Chronic Kidney Disease (CKD) is associated with increased vascular stiffness, cardiovascular mortality, and adverse cardiovascular events. Increased vascular stiffness in kidney disease is thought to be due to long standing hypertension and metabolic complications of kidney disease. However, we have shown that increases in vascular stiffness occurs early in CKD and in experimental models of CKD that are not associated with hypertension or metabolic complications.However, why kidney disease causes blood vessels to stiffen is yet to be determined.
Our lab is interested in exploring the molecular mechanisms that are associated with increased vascular stiffness in kidney disease and the effect of stiffness on vascular smooth muscle cell structure and function.
Areas of research in the lab include:
Lysyl Oxidase and Vascular Stiffness:We have shown that lysyl oxidase (LOX), an enzyme that crosslinks collagen and elastin is upregulated early in kidney disease and serum from uremic patients upregulates lysyl oxidase in vascular smooth muscle cells in culture. However, how much this increase in lysyl oxidase contributes to increases in vascular stiffness is yet to be determined. Lysyl oxidase is also present in immune cells and other cell types. The role of smooth muscle derived lox is also unclear. We will use mice with lysyl oxidase knocked out only in the vascular smooth muscle cells to determine the effect of LOX on increases in vascular stiffness. We are also doing experiments to determine why LOX is upregulated in kidney disease.
Rho-kinase Mediated Increases in Proliferation of Vascular Smooth Muscle Cells:Matrix stiffness affects growth and differentiation of cells. We have shown that stiffness of the extra-cellular matrix increases proliferation of vascular smooth muscle cells. We have also shown that this is dependent on the Rho-kinase pathway. We plan further studies using siRNA to confirm these findings and determine which isoform of Rho-kinase is responsible. We will also demonstrate the validity of these observations in vivo using animal models of kidney disease.
Techniques in Laboratory:
Pressure Myography:We use pressure myography to measure the mechanical and vasoactive properties of arteries. An intact small segment of a second or third order mesenteric artery (Figure 1a), which is thinner than a hair, is mounted on to two small glass cannulae and pressurized to a constant suitable transmural pressure (Figure 1b). The system allows us to study changes in diameter of vessels in response to drugs and other vasoactive compounds under near-physiological conditions, where vessels retain many of their in vivo characteristics. These techniques demand patience, dexterity and exceptional hand eye coordination.
Doppler Echocardiography in Mice:The whole mouse aorta is only about 2 mm wide and the mouse heart beats at 300-850 beats/min! So imaging the mouse vasculature is very challenging. Our lab uses doppler echocardiography to measure pulse wave velocity and distensibility in mice, which are markers for vessel stiffness. Doppler wave forms are obtained from two different points in the aorta. The interval between the onset of the R wave (EKG) and the peak of the pulse wave is measured at the proximal and distal positions of the aorta. Pulse wave velocity is calculated as the distance between the two points divided by the transit time of the pulse wave. An increase in pulse wave velocity indicates increased stiffness of the arteries. We also use speckle tracking echocardiogram to measure the distensibility of the aorta, as a surrogate for vascular stiffness. .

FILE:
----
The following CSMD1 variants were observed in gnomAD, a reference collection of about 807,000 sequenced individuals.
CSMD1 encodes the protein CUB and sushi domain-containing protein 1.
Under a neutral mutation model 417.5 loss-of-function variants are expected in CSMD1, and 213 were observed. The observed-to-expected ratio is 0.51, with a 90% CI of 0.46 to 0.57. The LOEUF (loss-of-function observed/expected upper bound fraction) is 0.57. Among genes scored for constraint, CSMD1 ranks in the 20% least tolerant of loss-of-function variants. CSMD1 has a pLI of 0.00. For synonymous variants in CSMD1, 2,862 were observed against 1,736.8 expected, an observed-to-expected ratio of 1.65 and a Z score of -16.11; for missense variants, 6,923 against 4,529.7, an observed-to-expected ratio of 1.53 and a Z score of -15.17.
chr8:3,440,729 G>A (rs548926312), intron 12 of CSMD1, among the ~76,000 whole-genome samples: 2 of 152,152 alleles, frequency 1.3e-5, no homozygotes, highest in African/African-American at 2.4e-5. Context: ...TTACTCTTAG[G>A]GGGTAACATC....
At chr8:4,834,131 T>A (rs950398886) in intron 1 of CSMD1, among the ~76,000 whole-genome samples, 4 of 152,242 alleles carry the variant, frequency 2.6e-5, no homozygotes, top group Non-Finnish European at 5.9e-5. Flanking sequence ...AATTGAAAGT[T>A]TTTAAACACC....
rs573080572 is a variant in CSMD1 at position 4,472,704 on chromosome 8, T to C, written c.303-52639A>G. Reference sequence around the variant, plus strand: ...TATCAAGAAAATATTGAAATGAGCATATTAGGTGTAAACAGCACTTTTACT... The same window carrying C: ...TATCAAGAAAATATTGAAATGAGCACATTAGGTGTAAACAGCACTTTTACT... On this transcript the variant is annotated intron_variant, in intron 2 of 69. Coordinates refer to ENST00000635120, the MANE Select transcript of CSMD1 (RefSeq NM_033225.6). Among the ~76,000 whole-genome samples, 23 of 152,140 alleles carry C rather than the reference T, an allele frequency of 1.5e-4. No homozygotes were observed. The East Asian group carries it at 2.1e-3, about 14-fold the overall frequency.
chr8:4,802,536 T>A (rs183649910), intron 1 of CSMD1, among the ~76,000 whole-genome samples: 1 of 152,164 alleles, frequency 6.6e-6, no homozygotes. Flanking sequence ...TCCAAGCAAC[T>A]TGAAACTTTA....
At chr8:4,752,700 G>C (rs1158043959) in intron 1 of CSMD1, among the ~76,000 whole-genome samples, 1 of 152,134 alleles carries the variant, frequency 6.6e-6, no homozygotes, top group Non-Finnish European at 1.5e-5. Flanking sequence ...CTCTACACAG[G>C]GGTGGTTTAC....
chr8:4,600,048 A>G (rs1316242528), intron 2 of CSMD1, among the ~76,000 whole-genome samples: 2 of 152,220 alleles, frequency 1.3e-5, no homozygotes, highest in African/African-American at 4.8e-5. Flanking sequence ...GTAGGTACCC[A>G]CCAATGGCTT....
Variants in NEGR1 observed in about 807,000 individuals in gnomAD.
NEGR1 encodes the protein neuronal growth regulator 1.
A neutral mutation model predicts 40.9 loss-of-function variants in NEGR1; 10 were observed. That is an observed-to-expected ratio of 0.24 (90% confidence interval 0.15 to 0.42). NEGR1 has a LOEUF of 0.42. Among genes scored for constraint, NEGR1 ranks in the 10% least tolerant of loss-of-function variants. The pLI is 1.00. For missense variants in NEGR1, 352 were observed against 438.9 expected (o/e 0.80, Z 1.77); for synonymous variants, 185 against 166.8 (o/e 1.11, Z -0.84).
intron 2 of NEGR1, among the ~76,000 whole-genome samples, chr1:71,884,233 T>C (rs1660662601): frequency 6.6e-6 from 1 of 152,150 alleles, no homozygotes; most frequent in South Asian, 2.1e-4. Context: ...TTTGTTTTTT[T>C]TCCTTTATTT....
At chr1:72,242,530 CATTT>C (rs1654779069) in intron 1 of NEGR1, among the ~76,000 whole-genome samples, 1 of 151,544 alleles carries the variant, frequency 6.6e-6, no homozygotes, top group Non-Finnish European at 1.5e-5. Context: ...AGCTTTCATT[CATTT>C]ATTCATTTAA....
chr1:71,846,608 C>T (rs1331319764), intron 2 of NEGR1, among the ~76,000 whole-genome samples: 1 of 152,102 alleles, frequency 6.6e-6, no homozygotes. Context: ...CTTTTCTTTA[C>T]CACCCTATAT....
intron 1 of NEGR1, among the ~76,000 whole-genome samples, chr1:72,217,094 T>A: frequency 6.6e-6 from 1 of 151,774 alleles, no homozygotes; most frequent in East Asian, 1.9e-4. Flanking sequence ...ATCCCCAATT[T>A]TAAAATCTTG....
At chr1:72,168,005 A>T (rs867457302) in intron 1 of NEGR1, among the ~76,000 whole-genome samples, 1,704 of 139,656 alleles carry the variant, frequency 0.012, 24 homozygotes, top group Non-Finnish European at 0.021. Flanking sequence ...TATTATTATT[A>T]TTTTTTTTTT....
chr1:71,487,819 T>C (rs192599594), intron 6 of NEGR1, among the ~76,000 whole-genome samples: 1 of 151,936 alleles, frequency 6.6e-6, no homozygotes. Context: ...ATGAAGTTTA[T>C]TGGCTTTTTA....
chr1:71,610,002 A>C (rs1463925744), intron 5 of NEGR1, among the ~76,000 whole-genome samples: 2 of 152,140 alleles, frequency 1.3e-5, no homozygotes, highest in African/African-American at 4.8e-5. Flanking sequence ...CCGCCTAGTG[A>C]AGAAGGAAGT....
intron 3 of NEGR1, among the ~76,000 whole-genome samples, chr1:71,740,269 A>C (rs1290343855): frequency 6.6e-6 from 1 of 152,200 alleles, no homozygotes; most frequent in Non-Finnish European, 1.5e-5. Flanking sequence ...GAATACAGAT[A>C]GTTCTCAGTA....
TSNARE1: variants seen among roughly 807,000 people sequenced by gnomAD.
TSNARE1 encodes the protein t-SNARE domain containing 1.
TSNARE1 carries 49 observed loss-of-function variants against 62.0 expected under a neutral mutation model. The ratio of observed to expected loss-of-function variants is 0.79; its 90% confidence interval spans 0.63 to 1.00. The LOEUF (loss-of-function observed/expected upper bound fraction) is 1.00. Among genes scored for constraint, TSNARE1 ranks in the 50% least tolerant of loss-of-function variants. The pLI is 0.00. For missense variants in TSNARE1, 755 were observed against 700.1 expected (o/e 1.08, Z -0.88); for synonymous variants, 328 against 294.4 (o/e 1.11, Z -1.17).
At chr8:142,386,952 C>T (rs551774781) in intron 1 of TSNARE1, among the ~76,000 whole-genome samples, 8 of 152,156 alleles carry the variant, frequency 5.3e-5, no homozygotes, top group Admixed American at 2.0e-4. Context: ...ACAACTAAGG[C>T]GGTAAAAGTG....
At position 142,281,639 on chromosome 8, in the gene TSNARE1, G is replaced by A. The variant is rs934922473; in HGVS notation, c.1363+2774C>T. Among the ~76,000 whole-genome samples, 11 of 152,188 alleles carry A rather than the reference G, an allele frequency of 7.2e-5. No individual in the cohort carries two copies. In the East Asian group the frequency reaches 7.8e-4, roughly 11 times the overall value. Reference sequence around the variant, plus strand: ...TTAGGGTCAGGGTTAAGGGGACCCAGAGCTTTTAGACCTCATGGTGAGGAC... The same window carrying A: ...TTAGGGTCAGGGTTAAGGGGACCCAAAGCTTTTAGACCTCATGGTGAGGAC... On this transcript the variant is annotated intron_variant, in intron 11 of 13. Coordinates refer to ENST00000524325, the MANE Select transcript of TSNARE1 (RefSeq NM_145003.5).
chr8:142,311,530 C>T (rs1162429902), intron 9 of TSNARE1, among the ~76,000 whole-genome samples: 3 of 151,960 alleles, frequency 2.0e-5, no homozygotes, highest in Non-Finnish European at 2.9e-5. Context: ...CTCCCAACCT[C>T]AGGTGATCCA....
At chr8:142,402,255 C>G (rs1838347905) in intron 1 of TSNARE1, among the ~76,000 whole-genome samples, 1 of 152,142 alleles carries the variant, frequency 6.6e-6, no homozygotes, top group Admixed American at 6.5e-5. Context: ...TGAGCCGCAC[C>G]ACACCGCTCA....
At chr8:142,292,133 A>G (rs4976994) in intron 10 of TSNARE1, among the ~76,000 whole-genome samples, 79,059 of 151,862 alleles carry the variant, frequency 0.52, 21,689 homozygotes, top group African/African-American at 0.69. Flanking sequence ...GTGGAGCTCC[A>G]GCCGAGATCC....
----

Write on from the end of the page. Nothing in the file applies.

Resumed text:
Traction Force Microscopy: When a cell migrates, it generates traction forces on the underlying matrix. Quantifying these forces helps us better understand many fundamental biological processes such as cell differentiation, contractility of smooth muscle cells etc. We collaborate with the Simmons laboratory to bio-engineer hydrogels of different stiffnesses embedded with fluorescent beads. Images are obtained with and without cells. Measurement of the displacement of these beads helps us quantify the traction forces exerted by these cel
Atomic Force Microscopy:AFM uses a probe attached to a cantilever to indent the surface of the cell to gather information about cell stiffness, structure and function. We collaborate with Dr. Anthony Brennan’s laboratory to study stiffness of vascular smooth muscle cells using AFM and how changes in signaling pathways can affect cell stiffness.
Current Students and Laboratory Personnel:
- Brandon To (class of 2020) :Brandon is an undergraduate student on a pre-med track. Brandon is involved in several projects and has published abstracts at ASN (2017 and 2018). In his spare time Brandon loves to work out.x`
- Shiyu Li:Shiyu has more than two decades of experience in the laboratory. He is an expert in flow cytometry and cell culture.
- Bianca Carpino (Laboratory Manager):Bianca joined the lab in 2017. She is an expert in pressure myography as well as immunohistochemistry. She also serves as the lab manager and maintains all our mouse colonies. She is a nerd and a diva who loves sci-fi, video games, art, music and fashion.
- I-Chiua Liu (Daniel) (class of 2021) :Is a current medical student at the UF College of Medicine. Daniel is passionate about research. His focus is on how kidney disease affects calcification and stiffness of vessels. He has presented his work at ASN (2018) and the ACP meeting (2018). Daniel has no spare time.
- Jyoti Moorjani (class of 2020): Jyoti is an undergraduate student on a pre-med track. When she is not in the lab or studying, Jyoti loves to dance, particularly Indian classical dance.
- Contact Information: If you are interested in any of our current research projects and would like to join our team, please feel free to contact Dr. Rajesh Mohandas .